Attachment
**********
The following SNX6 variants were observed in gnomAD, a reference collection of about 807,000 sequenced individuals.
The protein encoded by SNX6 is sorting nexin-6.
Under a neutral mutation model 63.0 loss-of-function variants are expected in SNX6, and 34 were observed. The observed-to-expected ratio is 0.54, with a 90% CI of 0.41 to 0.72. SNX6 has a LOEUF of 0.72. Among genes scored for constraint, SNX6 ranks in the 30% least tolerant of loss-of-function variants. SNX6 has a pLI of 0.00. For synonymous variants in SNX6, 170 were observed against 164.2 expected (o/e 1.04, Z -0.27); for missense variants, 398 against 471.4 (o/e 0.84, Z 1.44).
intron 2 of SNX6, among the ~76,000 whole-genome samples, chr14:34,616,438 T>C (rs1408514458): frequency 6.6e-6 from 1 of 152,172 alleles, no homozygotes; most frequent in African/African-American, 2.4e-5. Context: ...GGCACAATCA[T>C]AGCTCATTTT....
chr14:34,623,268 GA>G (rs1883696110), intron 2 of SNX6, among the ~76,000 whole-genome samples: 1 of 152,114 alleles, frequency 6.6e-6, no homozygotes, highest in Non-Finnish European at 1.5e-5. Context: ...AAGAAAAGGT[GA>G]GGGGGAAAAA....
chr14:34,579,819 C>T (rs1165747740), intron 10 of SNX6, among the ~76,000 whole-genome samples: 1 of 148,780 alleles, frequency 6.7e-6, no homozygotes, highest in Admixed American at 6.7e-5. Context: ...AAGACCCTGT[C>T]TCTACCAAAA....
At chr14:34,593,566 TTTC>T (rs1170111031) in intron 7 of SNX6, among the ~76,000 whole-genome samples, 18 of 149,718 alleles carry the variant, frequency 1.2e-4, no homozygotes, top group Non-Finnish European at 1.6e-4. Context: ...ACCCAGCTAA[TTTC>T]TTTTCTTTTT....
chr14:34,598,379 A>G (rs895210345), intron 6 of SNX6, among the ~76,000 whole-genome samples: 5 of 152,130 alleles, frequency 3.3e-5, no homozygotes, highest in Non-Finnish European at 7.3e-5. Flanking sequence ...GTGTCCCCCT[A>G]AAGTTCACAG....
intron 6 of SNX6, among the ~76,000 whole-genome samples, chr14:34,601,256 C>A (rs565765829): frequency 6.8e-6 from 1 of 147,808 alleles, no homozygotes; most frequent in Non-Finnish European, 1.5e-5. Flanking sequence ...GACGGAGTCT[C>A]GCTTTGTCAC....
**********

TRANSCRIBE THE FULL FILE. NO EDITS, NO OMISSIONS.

The following SNX6 variants were observed in gnomAD, a reference collection of about 807,000 sequenced individuals.
The protein encoded by SNX6 is sorting nexin-6.
Under a neutral mutation model 63.0 loss-of-function variants are expected in SNX6, and 34 were observed. The observed-to-expected ratio is 0.54, with a 90% CI of 0.41 to 0.72. SNX6 has a LOEUF of 0.72. Among genes scored for constraint, SNX6 ranks in the 30% least tolerant of loss-of-function variants. SNX6 has a pLI of 0.00. For synonymous variants in SNX6, 170 were observed against 164.2 expected (o/e 1.04, Z -0.27); for missense variants, 398 against 471.4 (o/e 0.84, Z 1.44).
intron 2 of SNX6, among the ~76,000 whole-genome samples, chr14:34,616,438 T>C (rs1408514458): frequency 6.6e-6 from 1 of 152,172 alleles, no homozygotes; most frequent in African/African-American, 2.4e-5. Context: ...GGCACAATCA[T>C]AGCTCATTTT....
chr14:34,623,268 GA>G (rs1883696110), intron 2 of SNX6, among the ~76,000 whole-genome samples: 1 of 152,114 alleles, frequency 6.6e-6, no homozygotes, highest in Non-Finnish European at 1.5e-5. Context: ...AAGAAAAGGT[GA>G]GGGGGAAAAA....
chr14:34,579,819 C>T (rs1165747740), intron 10 of SNX6, among the ~76,000 whole-genome samples: 1 of 148,780 alleles, frequency 6.7e-6, no homozygotes, highest in Admixed American at 6.7e-5. Context: ...AAGACCCTGT[C>T]TCTACCAAAA....
At chr14:34,593,566 TTTC>T (rs1170111031) in intron 7 of SNX6, among the ~76,000 whole-genome samples, 18 of 149,718 alleles carry the variant, frequency 1.2e-4, no homozygotes, top group Non-Finnish European at 1.6e-4. Context: ...ACCCAGCTAA[TTTC>T]TTTTCTTTTT....
chr14:34,598,379 A>G (rs895210345), intron 6 of SNX6, among the ~76,000 whole-genome samples: 5 of 152,130 alleles, frequency 3.3e-5, no homozygotes, highest in Non-Finnish European at 7.3e-5. Flanking sequence ...GTGTCCCCCT[A>G]AAGTTCACAG....
intron 6 of SNX6, among the ~76,000 whole-genome samples, chr14:34,601,256 C>A (rs565765829): frequency 6.8e-6 from 1 of 147,808 alleles, no homozygotes; most frequent in Non-Finnish European, 1.5e-5. Flanking sequence ...GACGGAGTCT[C>A]GCTTTGTCAC....